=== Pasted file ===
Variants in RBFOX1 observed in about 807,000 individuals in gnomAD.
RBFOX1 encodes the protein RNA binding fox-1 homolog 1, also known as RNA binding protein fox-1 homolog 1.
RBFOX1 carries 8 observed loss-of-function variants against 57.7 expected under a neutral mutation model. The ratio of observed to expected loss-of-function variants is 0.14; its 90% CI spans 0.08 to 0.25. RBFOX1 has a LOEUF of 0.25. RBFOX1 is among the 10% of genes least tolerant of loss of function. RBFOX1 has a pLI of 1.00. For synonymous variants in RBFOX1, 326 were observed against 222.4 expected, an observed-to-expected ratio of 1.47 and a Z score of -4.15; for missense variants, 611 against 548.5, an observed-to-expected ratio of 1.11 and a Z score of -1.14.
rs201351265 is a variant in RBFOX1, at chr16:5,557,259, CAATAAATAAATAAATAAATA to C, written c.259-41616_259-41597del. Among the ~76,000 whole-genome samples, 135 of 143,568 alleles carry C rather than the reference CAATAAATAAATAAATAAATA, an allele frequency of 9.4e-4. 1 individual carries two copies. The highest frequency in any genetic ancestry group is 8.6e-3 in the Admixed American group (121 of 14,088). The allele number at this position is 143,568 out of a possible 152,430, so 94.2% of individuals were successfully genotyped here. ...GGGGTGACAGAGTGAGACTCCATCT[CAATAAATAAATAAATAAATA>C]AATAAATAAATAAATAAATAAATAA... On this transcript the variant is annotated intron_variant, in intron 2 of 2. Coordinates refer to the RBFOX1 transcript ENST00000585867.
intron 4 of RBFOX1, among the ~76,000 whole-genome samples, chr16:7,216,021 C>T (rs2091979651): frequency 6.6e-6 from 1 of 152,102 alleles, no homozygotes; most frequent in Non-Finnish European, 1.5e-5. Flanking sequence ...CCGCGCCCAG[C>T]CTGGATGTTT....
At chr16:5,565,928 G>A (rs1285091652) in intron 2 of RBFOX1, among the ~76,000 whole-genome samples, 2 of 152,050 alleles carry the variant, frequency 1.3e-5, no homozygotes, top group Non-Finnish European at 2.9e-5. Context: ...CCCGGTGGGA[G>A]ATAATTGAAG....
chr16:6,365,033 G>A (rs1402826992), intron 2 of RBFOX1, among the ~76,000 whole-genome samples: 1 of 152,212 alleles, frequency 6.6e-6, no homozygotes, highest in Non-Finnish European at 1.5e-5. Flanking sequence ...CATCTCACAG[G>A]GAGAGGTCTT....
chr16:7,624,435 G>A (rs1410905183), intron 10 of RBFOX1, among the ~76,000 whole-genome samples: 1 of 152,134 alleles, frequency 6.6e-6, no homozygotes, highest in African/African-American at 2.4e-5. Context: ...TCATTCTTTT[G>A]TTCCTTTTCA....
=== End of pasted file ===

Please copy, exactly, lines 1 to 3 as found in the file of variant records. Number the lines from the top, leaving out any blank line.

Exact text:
Variants in RBFOX1 observed in about 807,000 individuals in gnomAD.
RBFOX1 encodes the protein RNA binding fox-1 homolog 1, also known as RNA binding protein fox-1 homolog 1.
RBFOX1 carries 8 observed loss-of-function variants against 57.7 expected under a neutral mutation model. The ratio of observed to expected loss-of-function variants is 0.14; its 90% CI spans 0.08 to 0.25. RBFOX1 has a LOEUF of 0.25. RBFOX1 is among the 10% of genes least tolerant of loss of function. RBFOX1 has a pLI of 1.00. For synonymous variants in RBFOX1, 326 were observed against 222.4 expected, an observed-to-expected ratio of 1.47 and a Z score of -4.15; for missense variants, 611 against 548.5, an observed-to-expected ratio of 1.11 and a Z score of -1.14.